Wails and screams echoed through the halls of the Clarence M. Mitchell Jr. Courthouse on Friday, as relatives and friends of two teenage girls absorbed the fact that no one would be imprisoned for their hit-and-run deaths on Martin Luther King Jr. Boulevard last June.
About two dozen relatives and friends comforted each other after walking out of the small courtroom they had packed for the two-day trial of Reuben Dunn. When the jury foreman read off "not guilty" on each of three charges, the supporters gasped, some weeping and others shaking in anger.
"Everybody is appalled, upset and feels that justice was not served," said Mary Topi, mother of one of the victims, Emerald Smith. "Some people were saying they have no faith in the justice system or the jurors of Baltimore City."
But jurors were not certain that Dunn was driving the maroon Lincoln sedan that struck Smith, 17, and Courtney Angeles, 16, as they walked to a friend's house. They acquitted the Severn man after an hour of deliberations in Baltimore Circuit Court.
Two jurors said that prosecutors' evidence did not dispel questions about the involvement of Dunn and his girlfriend, Kendra Myles. Myles was driving when police pulled the couple over 26 minutes after the June 13 accident. But she testified that Dunn had been driving at the time of the accident and had asked her to switch seats with him — a version of events that Dunn's lawyer disputed.
Dunn, 29, was charged with failure to return to the scene of an accident and two counts of vehicular manslaughter. Baltimore Police Detective Patty Bauer, the accident investigator, testified that the car was traveling 42 to 50 miles per hour in a 35-mph zone, and that Angeles' body was thrown 129 feet from the impact in the crosswalk at the Pratt Street intersection.
Myles, 27, originally told police she was driving while Dunn slept, but she changed her story two days later. She made a deal with prosecutors, pleading guilty to being an accessory and receiving a suspended five-year sentence and probation in exchange for her testimony against Dunn.
She was the prosecution's key witness, and she broke down in tears several times while spending an hour on the witness stand Thursday.
Topi said she believed Myles' testimony and Assistant State's Attorney Robyne Szokoly's closing argument. Szokoly contended that if the couple hadn't switched seats, then why did no shards of glass fall from Myles' lap when she got out of the car? A Maryland Transportation Authority Police dashboard camera recorded the 20-minute traffic stop near Baltimore-Washington International Thurgood Marshall Airport.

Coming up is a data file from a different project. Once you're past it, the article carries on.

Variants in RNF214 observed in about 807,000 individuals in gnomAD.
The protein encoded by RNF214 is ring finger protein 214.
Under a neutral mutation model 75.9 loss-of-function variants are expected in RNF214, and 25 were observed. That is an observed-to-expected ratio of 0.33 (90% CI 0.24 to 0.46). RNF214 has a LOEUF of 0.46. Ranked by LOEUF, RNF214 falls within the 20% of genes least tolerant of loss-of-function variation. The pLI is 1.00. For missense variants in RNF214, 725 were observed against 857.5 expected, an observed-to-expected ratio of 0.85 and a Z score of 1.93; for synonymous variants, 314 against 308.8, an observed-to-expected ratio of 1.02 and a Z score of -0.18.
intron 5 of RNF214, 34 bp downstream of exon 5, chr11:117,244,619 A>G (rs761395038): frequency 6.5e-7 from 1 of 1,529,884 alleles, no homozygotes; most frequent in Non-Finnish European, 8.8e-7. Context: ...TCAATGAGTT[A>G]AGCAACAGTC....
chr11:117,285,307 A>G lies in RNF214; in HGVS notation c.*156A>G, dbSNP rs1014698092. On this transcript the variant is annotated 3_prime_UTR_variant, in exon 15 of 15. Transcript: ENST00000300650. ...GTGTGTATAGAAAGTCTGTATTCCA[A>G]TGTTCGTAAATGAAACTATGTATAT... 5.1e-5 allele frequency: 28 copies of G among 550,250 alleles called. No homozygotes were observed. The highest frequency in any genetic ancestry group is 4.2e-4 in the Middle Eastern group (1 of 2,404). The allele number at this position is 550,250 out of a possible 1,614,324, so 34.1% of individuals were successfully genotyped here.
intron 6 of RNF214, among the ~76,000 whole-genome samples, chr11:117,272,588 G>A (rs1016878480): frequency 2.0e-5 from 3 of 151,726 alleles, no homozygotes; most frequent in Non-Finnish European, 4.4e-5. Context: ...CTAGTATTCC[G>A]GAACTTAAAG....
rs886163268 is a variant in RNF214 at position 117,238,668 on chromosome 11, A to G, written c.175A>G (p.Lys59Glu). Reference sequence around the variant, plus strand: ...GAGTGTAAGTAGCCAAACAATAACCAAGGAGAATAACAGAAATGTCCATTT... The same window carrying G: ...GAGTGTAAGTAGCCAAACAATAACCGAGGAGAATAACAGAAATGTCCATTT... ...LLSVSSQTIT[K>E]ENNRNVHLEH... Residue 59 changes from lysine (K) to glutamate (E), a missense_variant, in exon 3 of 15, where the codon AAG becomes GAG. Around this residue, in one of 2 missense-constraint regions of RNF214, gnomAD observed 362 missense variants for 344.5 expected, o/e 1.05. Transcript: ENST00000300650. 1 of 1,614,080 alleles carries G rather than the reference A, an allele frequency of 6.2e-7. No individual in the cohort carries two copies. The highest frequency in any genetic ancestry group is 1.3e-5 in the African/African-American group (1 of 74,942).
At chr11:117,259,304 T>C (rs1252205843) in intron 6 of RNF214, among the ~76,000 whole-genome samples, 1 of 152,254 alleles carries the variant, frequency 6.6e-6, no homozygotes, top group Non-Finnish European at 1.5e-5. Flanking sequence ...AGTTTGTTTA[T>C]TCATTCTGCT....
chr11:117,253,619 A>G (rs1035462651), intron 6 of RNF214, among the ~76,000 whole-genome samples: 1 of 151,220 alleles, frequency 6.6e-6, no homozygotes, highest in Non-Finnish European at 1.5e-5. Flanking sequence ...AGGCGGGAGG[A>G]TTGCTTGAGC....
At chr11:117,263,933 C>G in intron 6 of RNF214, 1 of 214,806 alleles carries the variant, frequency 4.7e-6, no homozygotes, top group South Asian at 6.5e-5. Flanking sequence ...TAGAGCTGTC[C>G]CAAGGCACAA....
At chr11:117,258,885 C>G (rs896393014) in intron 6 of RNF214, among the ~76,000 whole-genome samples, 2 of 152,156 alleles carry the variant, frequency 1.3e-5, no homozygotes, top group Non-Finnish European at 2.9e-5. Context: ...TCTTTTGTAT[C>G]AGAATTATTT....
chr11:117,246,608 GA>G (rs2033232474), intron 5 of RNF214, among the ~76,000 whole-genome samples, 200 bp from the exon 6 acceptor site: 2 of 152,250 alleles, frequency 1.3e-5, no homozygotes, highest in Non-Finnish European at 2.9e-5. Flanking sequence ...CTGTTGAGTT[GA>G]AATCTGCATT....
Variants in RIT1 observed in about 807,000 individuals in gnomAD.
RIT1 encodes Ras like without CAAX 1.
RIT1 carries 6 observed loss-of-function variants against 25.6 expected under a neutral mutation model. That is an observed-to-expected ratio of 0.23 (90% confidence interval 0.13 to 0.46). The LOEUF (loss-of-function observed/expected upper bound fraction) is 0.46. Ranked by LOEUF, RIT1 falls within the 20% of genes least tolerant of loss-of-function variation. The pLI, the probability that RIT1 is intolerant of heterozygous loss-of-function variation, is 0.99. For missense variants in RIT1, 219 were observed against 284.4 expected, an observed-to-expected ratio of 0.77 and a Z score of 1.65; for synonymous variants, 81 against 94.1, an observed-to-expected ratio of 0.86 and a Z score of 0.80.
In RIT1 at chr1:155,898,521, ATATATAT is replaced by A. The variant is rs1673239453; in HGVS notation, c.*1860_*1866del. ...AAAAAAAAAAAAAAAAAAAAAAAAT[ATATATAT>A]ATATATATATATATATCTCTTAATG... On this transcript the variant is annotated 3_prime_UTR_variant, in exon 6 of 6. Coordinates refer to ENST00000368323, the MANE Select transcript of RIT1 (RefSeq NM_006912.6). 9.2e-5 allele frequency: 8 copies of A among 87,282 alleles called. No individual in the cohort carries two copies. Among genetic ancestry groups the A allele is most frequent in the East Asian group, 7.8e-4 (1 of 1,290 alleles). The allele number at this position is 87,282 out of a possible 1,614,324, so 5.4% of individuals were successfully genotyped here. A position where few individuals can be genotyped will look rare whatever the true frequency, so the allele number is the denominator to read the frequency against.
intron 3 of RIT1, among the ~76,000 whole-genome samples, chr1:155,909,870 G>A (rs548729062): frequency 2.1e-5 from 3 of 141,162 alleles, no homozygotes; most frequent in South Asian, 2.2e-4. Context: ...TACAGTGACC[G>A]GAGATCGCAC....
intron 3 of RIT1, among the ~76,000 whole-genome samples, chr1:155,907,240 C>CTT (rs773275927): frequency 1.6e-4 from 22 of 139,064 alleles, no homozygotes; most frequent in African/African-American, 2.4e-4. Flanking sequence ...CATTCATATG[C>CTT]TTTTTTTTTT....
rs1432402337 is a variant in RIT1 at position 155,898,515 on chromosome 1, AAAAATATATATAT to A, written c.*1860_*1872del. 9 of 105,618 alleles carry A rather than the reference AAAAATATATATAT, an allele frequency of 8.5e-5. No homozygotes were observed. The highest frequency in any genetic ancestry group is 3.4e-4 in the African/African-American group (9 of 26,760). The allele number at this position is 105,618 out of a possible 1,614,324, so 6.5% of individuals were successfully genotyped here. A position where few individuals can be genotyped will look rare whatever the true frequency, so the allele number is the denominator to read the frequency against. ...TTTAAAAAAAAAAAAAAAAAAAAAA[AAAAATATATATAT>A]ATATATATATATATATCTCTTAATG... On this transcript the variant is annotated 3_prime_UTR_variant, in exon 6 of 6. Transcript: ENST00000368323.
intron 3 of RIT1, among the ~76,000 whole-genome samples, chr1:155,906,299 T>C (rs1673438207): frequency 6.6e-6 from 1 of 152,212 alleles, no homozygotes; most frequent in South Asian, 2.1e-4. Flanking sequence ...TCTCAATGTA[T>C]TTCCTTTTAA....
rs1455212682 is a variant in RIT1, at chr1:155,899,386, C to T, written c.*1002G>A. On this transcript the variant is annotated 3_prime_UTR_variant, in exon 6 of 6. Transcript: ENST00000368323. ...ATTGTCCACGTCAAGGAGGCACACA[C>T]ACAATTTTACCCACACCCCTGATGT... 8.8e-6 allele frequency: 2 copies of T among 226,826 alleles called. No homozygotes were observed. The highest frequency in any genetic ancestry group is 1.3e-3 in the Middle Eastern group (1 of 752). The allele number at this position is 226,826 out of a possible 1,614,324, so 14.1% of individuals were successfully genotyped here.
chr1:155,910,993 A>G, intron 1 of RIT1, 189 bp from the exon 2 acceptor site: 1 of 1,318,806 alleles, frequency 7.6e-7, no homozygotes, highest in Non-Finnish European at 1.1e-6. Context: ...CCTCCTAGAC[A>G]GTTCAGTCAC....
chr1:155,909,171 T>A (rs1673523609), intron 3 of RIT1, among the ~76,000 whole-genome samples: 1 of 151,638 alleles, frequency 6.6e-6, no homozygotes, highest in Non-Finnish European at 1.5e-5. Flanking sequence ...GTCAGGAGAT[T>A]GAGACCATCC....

But Dunn's lawyer, James L. Rhodes, suggested that glass left on the seats was instead a sign that the couple hadn't switched seats.
Rhodes also questioned testimony from Maryland Transportation Authority officer John Willis, who pulled Dunn and Myles over after the accident. The officer testified that he could smell alcohol on Dunn's breath, but he did not include that information in any police reports.
For jurors, the evidence highlighted the severity of the crime, but it didn't reveal who was responsible.
In an interview after the trial, one woman, who identified herself only as Juror No. 6, said that while the panel felt sympathy for the victims' families, there wasn't enough evidence to say without a doubt who was driving at the time of the accident. She said she was the only juror to initially favor a guilty verdict, but ultimately the "he said, she said" nature of the testimony left too many questions.
"It was devastating, and we're devastated for the families," said the juror, who spoke on condition of anonymity. "Did they switch places? We don't know. We wanted to hear from Mr. Dunn himself."
Another juror confirmed that the panel still had questions about who was driving.
Dunn did not testify. He was released immediately after the verdict was read and escorted out of the courthouse by sheriff's deputies.
Some of the victims' supporters cursed at the deputies as they were ushered out of the courtroom. "I hope somebody kills his kids," one supporter muttered, referring to Dunn.
To keep the girls' memories alive, Topi said, relatives are planning a June 14 candlelight vigil at the intersection where they were killed. While the accident occurred about 11:40 p.m. on June 13, the teens were pronounced dead the following day, according to death certificates, she said.
"I'm not going to let my two angels die in vain," Topi said. "They are going to be remembered."Copyright © 2014, The Baltimore Sun